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Thursday, 1 May 2014

Human skin used to create sperm... -

Human skin used to create sperm... - 

Human skin from infertile men has been used to create sperm for the first time, in a scientific development which could offer hope to those who cannot have children.
British experts said the findings were "exciting" - raising the prospect that infertile men could become fathers after their sperm is grown in the lab.
They said the US research challenged a widely-held view that the "door is closed" on men who are genetically infertile.
Skin samples from three men were genetically engineered, turning back the developmental clock, so that they assumed the properties of embryonic stem cells - which can grow into virtually any kind of body tissue.
After being implanted into the testes of mice, the samples generated into early stage sperm cells, in the trials.
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Scientists said that although the “cell precursors” were insufficient to support conception, the breakthrough suggests that in future, the same method could be used to grow productive sperm from infertile men.
Infertility affects at least 10 per cent of couples, and in at least one third of cases, relates to male fertility problems, which are often genetic.
The most common defect is missing regions of male Y chromosomes, which is associated with the production of few or zero sperm.
The trials by Stanford University involved three men suffering from such defects.
When their tissue samples were genetically engineered, and then implanted into the testes of mice, cells were successfully generated.
The findings, published in the journal Cell Reports, indicate that Y chromosome infertility occurs relatively late in the maturing process of sperm cells,
Lead researcher Dr Reijo Pera, from the Institute for Stem Cell Biology and Regenerative Medicine said: “Our results are the first to offer an experimental model to study sperm development. It might even be possible to transplant stem-cell-derived germ cells directly into the testes of men with problems producing sperm.”
Dr Allan Pacey, senior lecturer in reproduction and developmental medicine at the University of Sheffield, said: "The received wisdom is that if you have a Y chromosome defect like this you don't make sperm.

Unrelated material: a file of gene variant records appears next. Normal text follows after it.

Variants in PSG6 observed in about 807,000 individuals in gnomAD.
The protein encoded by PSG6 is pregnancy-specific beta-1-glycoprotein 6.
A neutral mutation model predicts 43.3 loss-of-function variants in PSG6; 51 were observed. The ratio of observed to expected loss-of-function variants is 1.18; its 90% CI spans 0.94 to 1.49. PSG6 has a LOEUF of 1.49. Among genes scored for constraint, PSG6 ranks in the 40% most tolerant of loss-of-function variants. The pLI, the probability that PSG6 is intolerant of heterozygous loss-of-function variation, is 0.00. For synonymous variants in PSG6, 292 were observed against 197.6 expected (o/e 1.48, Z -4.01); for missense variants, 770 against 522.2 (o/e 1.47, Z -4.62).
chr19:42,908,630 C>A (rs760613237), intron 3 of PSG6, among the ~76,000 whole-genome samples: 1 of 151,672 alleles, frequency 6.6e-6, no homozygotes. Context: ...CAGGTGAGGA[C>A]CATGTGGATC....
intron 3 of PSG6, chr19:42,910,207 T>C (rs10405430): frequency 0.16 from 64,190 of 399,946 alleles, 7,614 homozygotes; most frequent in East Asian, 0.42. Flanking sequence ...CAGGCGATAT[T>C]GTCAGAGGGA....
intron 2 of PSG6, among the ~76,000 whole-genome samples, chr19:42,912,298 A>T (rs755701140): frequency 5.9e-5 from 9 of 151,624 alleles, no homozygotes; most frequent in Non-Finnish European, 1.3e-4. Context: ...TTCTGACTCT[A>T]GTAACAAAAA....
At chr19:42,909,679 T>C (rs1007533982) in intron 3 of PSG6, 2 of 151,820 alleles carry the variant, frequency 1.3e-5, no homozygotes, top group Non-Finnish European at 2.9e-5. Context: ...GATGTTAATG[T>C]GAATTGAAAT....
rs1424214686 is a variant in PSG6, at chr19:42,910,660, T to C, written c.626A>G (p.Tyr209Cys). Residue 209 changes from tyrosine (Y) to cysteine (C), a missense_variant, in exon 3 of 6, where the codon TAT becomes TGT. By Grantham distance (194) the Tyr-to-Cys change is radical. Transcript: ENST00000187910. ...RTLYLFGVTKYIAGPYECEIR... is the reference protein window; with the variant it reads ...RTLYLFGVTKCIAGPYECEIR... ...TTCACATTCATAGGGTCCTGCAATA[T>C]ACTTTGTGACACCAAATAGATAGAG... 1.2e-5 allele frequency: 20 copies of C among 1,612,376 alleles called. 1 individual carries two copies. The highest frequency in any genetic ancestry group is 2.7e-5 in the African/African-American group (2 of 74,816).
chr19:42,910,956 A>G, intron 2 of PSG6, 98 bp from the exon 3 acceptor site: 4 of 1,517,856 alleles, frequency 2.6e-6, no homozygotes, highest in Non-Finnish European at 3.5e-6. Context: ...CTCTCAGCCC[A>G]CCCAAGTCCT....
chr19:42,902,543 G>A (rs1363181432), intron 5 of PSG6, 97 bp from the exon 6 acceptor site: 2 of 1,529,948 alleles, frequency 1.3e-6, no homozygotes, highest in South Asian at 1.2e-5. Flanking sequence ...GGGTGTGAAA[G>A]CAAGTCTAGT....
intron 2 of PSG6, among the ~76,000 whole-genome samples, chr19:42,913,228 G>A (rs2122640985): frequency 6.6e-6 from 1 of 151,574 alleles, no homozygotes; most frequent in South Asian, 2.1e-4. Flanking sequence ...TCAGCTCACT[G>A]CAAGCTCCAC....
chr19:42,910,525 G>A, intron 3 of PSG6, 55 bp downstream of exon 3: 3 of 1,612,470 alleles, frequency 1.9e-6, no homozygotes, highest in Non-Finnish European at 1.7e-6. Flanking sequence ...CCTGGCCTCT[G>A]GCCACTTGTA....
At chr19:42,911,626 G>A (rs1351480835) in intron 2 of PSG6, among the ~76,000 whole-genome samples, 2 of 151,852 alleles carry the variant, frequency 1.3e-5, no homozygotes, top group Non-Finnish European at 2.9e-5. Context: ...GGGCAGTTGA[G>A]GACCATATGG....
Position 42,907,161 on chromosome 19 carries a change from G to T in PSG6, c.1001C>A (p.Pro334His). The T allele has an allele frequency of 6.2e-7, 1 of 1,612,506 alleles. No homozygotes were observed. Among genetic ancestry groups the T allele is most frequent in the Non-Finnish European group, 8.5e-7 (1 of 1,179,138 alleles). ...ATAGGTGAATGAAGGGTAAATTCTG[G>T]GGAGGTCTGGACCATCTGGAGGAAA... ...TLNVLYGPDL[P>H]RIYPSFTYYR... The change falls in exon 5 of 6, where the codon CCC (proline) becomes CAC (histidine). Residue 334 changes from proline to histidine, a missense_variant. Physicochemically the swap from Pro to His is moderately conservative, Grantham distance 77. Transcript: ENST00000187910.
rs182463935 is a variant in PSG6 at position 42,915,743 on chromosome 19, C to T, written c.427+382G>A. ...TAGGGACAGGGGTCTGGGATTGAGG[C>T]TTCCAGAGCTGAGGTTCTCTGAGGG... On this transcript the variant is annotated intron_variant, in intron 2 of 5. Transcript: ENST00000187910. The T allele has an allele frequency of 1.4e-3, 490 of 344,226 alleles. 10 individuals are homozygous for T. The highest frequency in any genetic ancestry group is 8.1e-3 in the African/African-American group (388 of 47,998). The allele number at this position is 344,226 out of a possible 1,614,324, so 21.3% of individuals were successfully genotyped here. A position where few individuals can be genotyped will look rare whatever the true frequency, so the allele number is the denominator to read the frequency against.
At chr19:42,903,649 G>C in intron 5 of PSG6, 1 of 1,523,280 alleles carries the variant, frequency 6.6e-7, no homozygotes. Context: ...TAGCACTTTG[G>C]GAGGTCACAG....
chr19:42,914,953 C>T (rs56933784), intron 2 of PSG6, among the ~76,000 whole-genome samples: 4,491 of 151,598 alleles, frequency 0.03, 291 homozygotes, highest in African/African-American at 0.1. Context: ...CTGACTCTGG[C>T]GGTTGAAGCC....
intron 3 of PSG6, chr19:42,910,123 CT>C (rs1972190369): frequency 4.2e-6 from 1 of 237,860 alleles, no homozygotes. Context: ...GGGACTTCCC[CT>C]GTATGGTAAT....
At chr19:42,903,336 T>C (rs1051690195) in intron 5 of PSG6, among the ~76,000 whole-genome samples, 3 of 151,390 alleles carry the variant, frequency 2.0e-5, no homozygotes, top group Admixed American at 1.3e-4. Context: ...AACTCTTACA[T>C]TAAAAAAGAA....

"Until I read this paper I would have said if you take skin cells from an infertile guy it won't work. But what this seems to suggest is that it could.
"Obviously the outcome is poorer than if you don't have the defect, but the fact that they could do this at all is quite exciting. At the moment the door is closed to these men."
However, Dr Pacey warned that any sons born via the process would inherit the increased risk of infertility.
In 2012, US scientists from the University of Pittsburgh found that it was possible to generate sperm cell precursors from skin tissue from fertile men.
However, the trials are the first time such methods have succeeded on men with fertility problems.
Researchers suggested the findings could bring hope to men who suffer from genetic infertility problems and from those who become infertile after treatment for diseases such as cancer.
Dr Reijo said: “Our studies suggest that the use of stem cells can serve as a starting material for diagnosing germ cell defects and potentially generating germ cells.
“This approach has great potential for treatment of individuals who have genetic/idiopathic (unknown) causes for sperm loss or for cancer survivors who have lost sperm production due to gonadotoxic treatments.”
Researchers suggested the study’s insights into the way male infertility works - with genetic problems related to the Y chromosome occurring relatively late in the production of sperm cells - could assist further research into treatments.


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